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EATEN BY THE JAPANESE: The Memoir of an Unknown Indian Prisoner of War by [Crasta, John Baptist]
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EATEN BY THE JAPANESE: The Memoir of an Unknown Indian Prisoner of War Kindle Edition

3.7 out of 5 stars 9 customer reviews

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Length: 121 pages Word Wise: Enabled Enhanced Typesetting: Enabled
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Product description

About the Author

John Baptist Crasta was born in 1910 in the village of Kinnigoli, near the town of Mangalore in Southwestern India. He joined the British Indian Army (later the Indian Army) in 1933, serving in Quetta, Karachi, Singapore, New Britain (involuntarily), Bangalore, Jammu & Kashmir (war service), Bombay, Panagar, Calcutta, and Bareilly, and winning the Indian Independence Medal, the 1939-1945 War Service Medal, The George VI 1939-1945 Star, the George VI Pacific Star, and the Jammu & Kashmir Medal. He was appointed as a Viceroy’s Commissioned Officer in 1946, and a Junior Commissioned Officer in 1948. He married Christine in 1947, and together they had three sons and one daughter. "Eaten by the Japanese" was first published with a publication date of 1998 by his son, Richard Crasta, who was by then an internationally published author. The memoir was formally presented to the public and also to his surprised father as an act of gratitude on the occasion of the latter’s 50th wedding anniversary on December 27, 1997. Until his death in October 1999 at the age of 89, John Baptist Crasta lived a simple life in a quiet Mangalore locality, having bicycled to work every day until he was 75. Richard Crasta, minor co-author, wrote three essays and compiled notes, interviewing a few veterans of the British Indian Army. He has also published 12 other books.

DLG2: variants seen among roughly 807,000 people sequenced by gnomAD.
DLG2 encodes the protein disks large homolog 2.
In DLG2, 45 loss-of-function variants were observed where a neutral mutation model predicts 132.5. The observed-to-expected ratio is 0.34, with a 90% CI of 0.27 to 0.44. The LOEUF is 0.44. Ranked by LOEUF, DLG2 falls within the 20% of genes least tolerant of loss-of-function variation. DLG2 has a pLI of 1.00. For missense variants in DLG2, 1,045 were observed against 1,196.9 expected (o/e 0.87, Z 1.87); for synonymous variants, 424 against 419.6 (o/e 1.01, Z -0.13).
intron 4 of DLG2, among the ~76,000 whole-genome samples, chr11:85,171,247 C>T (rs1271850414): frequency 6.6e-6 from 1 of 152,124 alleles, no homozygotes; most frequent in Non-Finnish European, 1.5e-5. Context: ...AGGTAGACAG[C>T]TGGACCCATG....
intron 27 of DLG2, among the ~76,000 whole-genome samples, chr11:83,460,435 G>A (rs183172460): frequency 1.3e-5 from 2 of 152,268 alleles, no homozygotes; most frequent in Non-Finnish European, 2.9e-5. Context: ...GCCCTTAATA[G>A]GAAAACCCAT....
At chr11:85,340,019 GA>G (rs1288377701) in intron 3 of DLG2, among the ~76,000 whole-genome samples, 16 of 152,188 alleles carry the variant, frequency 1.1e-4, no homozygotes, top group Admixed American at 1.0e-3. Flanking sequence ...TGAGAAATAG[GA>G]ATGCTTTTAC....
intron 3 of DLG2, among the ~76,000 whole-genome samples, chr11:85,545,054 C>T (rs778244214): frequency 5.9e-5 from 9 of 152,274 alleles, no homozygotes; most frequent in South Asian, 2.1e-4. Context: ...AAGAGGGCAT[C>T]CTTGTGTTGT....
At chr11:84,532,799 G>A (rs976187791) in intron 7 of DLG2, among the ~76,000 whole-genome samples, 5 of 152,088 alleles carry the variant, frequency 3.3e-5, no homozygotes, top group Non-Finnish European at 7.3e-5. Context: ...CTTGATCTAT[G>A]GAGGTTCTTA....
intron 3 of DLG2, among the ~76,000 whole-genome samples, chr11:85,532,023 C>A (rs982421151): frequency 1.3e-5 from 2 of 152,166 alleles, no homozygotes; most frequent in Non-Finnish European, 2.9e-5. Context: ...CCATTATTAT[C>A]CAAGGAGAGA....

Product details

  • Format: Kindle Edition
  • File Size: 782 KB
  • Print Length: 121 pages
  • Page Numbers Source ISBN: 1480034053
  • Publisher: Invisible Man Press; 3 edition (20 Dec. 2013)
  • Sold by: Amazon Media EU S.à r.l.
  • Language: English
  • ASIN: B004UBFXFC
  • Text-to-Speech: Enabled
  • X-Ray:
  • Word Wise: Enabled
  • Screen Reader: Supported
  • Enhanced Typesetting: Enabled
  • Average Customer Review: 3.7 out of 5 stars 9 customer reviews
  • Amazon Bestsellers Rank: #291,300 Paid in Kindle Store (See Top 100 Paid in Kindle Store)
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Customer Reviews

3.7 out of 5 stars
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Top Customer Reviews

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This is a short book by an Indian Far East Prisoner of War (FEPOW), and that alone makes it very unusual. There must be dozens of books by and about European FEPOWs and this book makes it clear that the Indians had just as terrible a time, thus rather debunking the prevalent theory that the Japanese treated the Europeans so badly as a way of debasing the former colonial masters. I think I would have found it shocking had I not read so many other FEPOW stories: the hunger and starvation, the malaria, the ulcers, the forced labour, the beatings. But, as with many memoirs of the Japanese occupation, it makes the point that some of the Japanese were decent and humane.